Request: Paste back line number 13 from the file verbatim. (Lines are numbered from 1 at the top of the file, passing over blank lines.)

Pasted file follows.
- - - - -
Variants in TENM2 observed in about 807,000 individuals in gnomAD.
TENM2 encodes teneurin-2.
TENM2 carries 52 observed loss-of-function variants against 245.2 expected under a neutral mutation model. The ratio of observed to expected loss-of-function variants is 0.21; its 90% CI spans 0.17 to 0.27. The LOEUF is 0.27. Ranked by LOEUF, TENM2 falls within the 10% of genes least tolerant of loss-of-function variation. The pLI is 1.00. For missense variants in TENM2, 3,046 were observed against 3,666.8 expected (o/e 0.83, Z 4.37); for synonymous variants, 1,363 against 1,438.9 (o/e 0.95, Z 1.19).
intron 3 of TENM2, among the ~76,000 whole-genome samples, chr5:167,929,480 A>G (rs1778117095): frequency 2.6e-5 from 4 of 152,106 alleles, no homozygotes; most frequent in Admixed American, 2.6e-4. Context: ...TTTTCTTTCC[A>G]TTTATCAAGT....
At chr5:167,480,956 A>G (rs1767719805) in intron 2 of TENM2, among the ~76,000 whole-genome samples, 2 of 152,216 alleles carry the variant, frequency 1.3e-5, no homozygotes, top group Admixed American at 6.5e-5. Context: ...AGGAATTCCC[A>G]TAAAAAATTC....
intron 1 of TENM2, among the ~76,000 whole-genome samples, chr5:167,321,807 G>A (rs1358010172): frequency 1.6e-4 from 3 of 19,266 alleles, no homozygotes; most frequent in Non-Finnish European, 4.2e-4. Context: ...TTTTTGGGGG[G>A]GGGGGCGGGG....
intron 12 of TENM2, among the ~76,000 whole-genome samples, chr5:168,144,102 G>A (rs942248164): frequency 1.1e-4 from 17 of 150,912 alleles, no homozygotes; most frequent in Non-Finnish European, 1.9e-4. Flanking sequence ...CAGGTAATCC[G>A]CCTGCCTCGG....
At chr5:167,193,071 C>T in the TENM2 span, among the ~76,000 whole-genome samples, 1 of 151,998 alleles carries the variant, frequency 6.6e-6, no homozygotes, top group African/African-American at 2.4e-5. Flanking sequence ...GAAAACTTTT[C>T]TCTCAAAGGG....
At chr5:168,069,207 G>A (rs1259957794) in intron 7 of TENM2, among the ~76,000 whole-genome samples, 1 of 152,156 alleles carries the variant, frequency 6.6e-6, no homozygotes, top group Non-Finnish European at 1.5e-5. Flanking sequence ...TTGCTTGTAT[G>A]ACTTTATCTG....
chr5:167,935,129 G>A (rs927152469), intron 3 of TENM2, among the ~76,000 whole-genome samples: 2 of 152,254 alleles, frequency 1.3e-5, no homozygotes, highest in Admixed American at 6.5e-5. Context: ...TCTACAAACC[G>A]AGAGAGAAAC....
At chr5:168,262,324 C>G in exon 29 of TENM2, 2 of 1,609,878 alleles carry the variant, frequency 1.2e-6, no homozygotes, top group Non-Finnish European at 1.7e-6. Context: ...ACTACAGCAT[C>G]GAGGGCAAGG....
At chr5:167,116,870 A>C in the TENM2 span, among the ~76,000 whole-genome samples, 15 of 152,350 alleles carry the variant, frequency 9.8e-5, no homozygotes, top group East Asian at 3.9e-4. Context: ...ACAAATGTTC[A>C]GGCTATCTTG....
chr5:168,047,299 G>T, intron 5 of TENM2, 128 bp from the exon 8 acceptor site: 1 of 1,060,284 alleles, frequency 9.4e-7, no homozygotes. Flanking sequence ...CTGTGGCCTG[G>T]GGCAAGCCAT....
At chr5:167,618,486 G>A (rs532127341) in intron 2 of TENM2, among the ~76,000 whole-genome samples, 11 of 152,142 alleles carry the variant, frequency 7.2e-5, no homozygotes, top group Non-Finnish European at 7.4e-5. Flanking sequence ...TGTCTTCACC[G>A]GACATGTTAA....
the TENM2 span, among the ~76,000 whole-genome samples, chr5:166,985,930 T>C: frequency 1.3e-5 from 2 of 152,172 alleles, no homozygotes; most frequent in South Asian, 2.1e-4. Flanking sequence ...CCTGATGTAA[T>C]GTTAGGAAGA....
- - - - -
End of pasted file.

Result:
chr5:168,047,299 G>T, intron 5 of TENM2, 128 bp from the exon 8 acceptor site: 1 of 1,060,284 alleles, frequency 9.4e-7, no homozygotes. Flanking sequence ...CTGTGGCCTG[G>T]GGCAAGCCAT....